General Equations Where f(x) or f(y) are the upper / right function, and g(x) or g(y) are the lower / left function. REMEMBER: if an axis is involved, then substitute 0 (zero) for the appropriate function.
Example 1 Find the area enclosed by... The graph f(x) = x², the x-axis, and the lines x = 1 and x = 2.
The disk method should be used when the region to be revolved touches the line of revolution completely (i.e. the line acts as one of the bounding functions), and the line of revolution is in the same variable of the bounding function (e.g. a y = function is revolved around a y = line).
Disk Example Find the volume of the area bounded by... The graph and the lines x = 0 and x = 4 … revolved around the x-axis.
Technique 2: Washer Method Where function f is the outer function when revolving and function g is the inner function.
Technique 2: Washer Method The washer method should be used when the region to be revolved does not completely touch the line of revolution, and the line of revolution is in the same variable as the region's bounding functions.
Washer Example Find the volume of the region enclosed by... The graphs f(x) = sin(x) and g(x) = cos(x)...rotated around the x-axis.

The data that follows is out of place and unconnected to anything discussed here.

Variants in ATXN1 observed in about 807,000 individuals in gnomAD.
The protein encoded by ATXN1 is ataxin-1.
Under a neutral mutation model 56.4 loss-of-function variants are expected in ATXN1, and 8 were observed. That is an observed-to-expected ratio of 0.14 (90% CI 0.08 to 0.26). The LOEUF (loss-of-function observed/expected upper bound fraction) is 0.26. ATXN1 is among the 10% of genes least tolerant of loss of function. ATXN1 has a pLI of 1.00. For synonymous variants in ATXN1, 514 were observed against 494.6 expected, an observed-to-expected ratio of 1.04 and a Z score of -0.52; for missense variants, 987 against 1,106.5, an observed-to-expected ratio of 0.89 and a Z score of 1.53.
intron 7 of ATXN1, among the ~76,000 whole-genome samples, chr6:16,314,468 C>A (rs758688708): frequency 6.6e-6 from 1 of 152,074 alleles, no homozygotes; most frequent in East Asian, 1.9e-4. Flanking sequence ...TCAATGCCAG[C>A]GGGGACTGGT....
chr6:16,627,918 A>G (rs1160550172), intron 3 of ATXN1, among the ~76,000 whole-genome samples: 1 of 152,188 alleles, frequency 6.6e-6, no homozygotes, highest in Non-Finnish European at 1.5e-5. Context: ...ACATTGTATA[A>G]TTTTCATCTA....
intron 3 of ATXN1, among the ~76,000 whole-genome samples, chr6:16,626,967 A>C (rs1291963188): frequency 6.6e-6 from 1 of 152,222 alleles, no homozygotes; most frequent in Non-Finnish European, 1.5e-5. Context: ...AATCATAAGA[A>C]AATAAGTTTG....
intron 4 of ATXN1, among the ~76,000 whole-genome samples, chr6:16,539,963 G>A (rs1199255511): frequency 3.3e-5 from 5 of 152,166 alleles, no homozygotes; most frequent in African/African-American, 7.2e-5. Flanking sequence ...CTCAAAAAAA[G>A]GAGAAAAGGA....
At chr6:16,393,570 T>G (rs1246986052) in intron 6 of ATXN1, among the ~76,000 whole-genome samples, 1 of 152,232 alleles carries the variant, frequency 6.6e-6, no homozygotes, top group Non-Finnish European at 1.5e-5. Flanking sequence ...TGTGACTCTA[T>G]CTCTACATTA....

Modification 1: Non-Axial Revolution When rotating a region around a line that is not an axis, then the region's bounding functions must be shifted so that the line coincides with the appropriate axis.
Non-Axial Revolution Example 1 Find the volume of the region enclosed by... The graph f(x) = x² and lines y = 0, x = −1, and x = 1....revolved around the line y = −1.
Modification 2: Cross-Sections When a region is described as a side of a solid whose cross-sections are a certain shape, then the volume of the solid is equal to the integral of the area of the cross-section.
Cross Section Example The region bounded by... The graph f(x) = x² and the lines y = 0 and x = 4...is a face of a solid, whose cross-sections perpendicular to the x-axis are squares. Find the volume of the solid.
Bibliography / Sources Music: Spring, mvt. I (Vivaldi) and Summer, mvt. III (Vivaldi), as recorded by John Harrison. The music is licensed under CC-BY-SA, which allows for free use and adaptation, as long as this license is maintained with the work.CC-BY-SA Images: Graph images generated by MathGV and Lybniz Graph Plotter. Equation images generated by the CodeCogs Equation Editor.CodeCogs Equation Editor Information: The information is taken from in-class notes and examples, along with some exercises from James Stewart's Calculus, fifth edition